I have been a supporter, both in word and in financial contributions, and I will continue to be so. If it is indeed true that you will be launching your own blog, know that I will be there for the inaugural post.  My best wishes to both of you, and my deep gratitude for your persistence.

Thursday, January 13, 2011

The Myth That Political Rhetoric Is Harmless

Sarah Palin opines, in her most recent video from an undisclosed location,
There are those who claim political rhetoric is to blame for the despicable act of this deranged, apparently apolitical criminal. And they claim political debate has somehow gotten more heated just recently.
I like the part about "apparently apolitical," which must have been inserted to give her some wiggle room in case inconvenient facts emerge about what influenced the shooter's actions. Even so, she apparently didn't notice that the gunman specifically targeted a politician who just happened to be a Democratic congresswoman in the middle of performing her congressional duties. Since the accused had purchased his gun over a month ago, and no doubt ran across many other people in the time between November 30, 2010 and January 8, 2011, it's reasonable to assume his first target was carefully chosen precisely because she was political.  Nice try, Sarah.

Mrs. Palin goes on to dissemble,
We know violence isn’t the answer. When we ‘take up our arms’, we’re talking about our vote.
Let's face it, nobody I know conflates 'taking up arms' with voting. And if there should be any doubt about the meaning of "Don't retreat, instead RELOAD"—the words she used in her Tweet to point to the now-infamous crosshairs map— may I present this image brought to you by "Second Amendment Task Force:"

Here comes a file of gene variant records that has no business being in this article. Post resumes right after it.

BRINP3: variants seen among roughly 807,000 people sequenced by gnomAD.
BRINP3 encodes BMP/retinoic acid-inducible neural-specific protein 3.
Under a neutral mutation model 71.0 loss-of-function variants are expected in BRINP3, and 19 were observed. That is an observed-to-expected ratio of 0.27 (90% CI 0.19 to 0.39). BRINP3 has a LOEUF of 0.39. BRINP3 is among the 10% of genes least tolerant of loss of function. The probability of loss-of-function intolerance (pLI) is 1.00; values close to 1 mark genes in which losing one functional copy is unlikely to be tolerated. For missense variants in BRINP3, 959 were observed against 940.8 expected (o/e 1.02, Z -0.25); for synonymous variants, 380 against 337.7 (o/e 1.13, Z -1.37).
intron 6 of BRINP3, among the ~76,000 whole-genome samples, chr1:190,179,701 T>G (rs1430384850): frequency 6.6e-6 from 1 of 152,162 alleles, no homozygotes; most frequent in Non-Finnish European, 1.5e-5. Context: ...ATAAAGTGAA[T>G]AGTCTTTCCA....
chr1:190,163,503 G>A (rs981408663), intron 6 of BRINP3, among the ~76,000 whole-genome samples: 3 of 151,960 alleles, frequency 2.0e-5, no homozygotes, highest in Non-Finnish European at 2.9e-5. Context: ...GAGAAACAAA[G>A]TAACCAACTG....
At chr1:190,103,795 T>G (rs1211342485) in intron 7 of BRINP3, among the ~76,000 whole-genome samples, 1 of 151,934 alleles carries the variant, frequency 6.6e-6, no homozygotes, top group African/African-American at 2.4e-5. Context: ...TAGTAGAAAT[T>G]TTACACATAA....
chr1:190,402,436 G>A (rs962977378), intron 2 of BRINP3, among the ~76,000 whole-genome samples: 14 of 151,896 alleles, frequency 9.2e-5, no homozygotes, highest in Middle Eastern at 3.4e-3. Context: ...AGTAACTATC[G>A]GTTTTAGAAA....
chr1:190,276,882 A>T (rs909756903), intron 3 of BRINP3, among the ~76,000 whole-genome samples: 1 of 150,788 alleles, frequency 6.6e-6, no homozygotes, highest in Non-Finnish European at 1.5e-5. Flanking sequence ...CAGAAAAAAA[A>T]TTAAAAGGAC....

I don't think about voting when I see this...

Mrs. Palin's overarching concerns in this incompetently-timed and self-obsessed video are (1) for her own potential culpability in the massacre and then (2) for any dampers that may be placed on her free speech as a result of the tragedy. To mitigate the first concern, she rigorously insists that any fault must lie clearly, and only, on the perpetrator—accountability, personal responsibility, and all that. Unfortunately, she is entirely unpracticed in this herself.

To stave off the second concern, she turns to her oft-used attack mode:

No one should be deterred from speaking up and speaking out in peaceful dissent, and we certainly must not be deterred by those who embrace evil and call it good. And we will not be stopped from celebrating the greatness of our country and our foundational freedoms by those who mock its greatness by being intolerant of differing opinion and seeking to muzzle dissent with shrill cries of imagined insults.
Who is she talking about here, though, "those who embrace evil and call it good?" Is she calling me evil because I am blogging for cooling down the rhetoric?  Who is so intolerant that they would seek to "muzzle dissent with shrill cries of imagined insults?"  The catchphrases and Facebook rants and hostile imagery linked to self-righteous Sarah are real, not imagined. The very language she uses against her perceived opponents here is exceedingly hostile and supercilious.

Can't someone hand her a mirror and make her really see?

That paragraph above is quintessential Sarah Palin. I can think of several occasions where she has shrilly decried imagined insults, and several more where she along with members of her adoring flock have tried to deter others from speaking out about her; they cry foul and assist her in playing the victim.  I can think of only a few people, none of whom are ever mentioned as a candidate for the U.S. presidency, who are as intolerant of those holding a different opinion than the once-upon-a-time-governor-who-quit has proven to be.